At a recent corporate leadership workshop, I asserted that you need to be authentically you, and leverage your unique strengths for success. I got some furrowed brows. Then a young woman raised her hand and simultaneously shouted out, “Have you done the colors assessment test? Because I took it, and it said I was like 90% RED, which means I am competitive, strong-willed, determined, demanding, purposeful. My manager says I need to balance out my colors more and bring in more blue or green, for example. What do you think? How does playing to our strengths help us succeed on teams and working cross-functionally.”
I could see there was nothing patient (green) or cautious (blue) about her, but possibly she had some other green qualities. (i.e. caring, encouraging) in her. And she definitely had some yellow (dynamic, enthusiastic).
I answered her in this way – “it may not be the PC answer, but I believe balance is bullshit. I think: you’ve got to be authentic, and leverage your strengths for true success. When you are confident in your skills, your passions and your convictions, people can’t help but be attracted to you. Or at least respect your position, because it’s rooted in integrity and truth. I’m not giving you permission to be a narcissistic asshole, you’ve got to consider how your actions will impact others, of course. But play to your strengths.”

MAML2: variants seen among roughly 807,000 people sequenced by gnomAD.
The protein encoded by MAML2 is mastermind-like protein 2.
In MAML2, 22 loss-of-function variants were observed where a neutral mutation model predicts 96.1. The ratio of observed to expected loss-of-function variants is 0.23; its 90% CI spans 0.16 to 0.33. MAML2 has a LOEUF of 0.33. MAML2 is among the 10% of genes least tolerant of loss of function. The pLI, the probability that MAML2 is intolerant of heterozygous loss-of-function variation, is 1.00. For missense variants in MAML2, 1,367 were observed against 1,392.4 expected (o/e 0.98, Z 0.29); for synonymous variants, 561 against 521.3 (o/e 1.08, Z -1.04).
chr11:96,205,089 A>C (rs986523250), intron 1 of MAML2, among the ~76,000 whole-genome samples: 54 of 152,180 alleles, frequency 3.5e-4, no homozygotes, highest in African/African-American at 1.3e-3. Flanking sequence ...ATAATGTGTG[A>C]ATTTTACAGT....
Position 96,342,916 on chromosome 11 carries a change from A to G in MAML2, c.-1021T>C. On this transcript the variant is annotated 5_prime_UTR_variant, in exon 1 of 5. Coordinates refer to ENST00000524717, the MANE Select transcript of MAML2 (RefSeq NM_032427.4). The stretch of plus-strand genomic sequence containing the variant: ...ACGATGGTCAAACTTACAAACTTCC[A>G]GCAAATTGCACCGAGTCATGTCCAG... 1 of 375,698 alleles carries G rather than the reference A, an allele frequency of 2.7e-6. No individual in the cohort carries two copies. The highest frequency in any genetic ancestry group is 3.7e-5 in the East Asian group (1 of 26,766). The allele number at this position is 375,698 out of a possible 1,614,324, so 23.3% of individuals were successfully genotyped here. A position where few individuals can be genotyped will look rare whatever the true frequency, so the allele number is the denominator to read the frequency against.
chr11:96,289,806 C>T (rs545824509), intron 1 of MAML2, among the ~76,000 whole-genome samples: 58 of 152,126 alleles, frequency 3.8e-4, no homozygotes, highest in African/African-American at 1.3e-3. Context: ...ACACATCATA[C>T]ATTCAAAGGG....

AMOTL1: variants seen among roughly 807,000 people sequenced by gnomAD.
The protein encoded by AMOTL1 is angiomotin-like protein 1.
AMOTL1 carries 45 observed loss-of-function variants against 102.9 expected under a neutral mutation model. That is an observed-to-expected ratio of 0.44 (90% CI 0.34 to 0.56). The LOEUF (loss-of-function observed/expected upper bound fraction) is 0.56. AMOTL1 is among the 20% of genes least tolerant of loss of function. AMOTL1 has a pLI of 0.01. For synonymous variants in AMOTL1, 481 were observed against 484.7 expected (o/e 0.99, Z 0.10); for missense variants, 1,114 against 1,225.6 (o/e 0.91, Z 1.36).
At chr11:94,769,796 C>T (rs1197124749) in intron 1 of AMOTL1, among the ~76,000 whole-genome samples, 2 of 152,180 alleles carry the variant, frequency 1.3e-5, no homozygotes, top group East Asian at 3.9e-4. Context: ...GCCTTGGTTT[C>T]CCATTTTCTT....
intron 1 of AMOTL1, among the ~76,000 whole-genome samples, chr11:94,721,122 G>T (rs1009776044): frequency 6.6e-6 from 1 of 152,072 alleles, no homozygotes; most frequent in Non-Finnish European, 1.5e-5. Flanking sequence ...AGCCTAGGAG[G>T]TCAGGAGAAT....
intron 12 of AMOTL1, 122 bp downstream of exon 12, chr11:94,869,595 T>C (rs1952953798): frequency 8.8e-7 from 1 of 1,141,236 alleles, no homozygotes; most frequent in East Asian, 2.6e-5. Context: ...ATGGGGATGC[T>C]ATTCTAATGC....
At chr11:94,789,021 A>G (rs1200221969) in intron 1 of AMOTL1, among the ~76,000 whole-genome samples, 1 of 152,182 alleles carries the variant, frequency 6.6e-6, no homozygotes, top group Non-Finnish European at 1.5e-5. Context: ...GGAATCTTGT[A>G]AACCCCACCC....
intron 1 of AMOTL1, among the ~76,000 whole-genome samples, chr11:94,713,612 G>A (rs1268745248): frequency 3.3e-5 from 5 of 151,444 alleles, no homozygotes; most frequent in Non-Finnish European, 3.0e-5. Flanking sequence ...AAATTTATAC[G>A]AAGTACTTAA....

So when does our super power become kryptonite in the workplace? And how can we avoid this pitfall?
I’ll give you an example. I have a lovely client – let’s call her Elizabeth. She prides herself (and she should) on her ability to garner consensus with colleagues. She works hard to understand others, and to empathize with their positions. Elizabeth is easy to work with, and a pleasure to be around. She’s known for being easy-going and willing to compromise – all of which is critical in the pressure cooker environment she works in. She helps keep everyone calm. How could these strengths ever be weaknesses, right?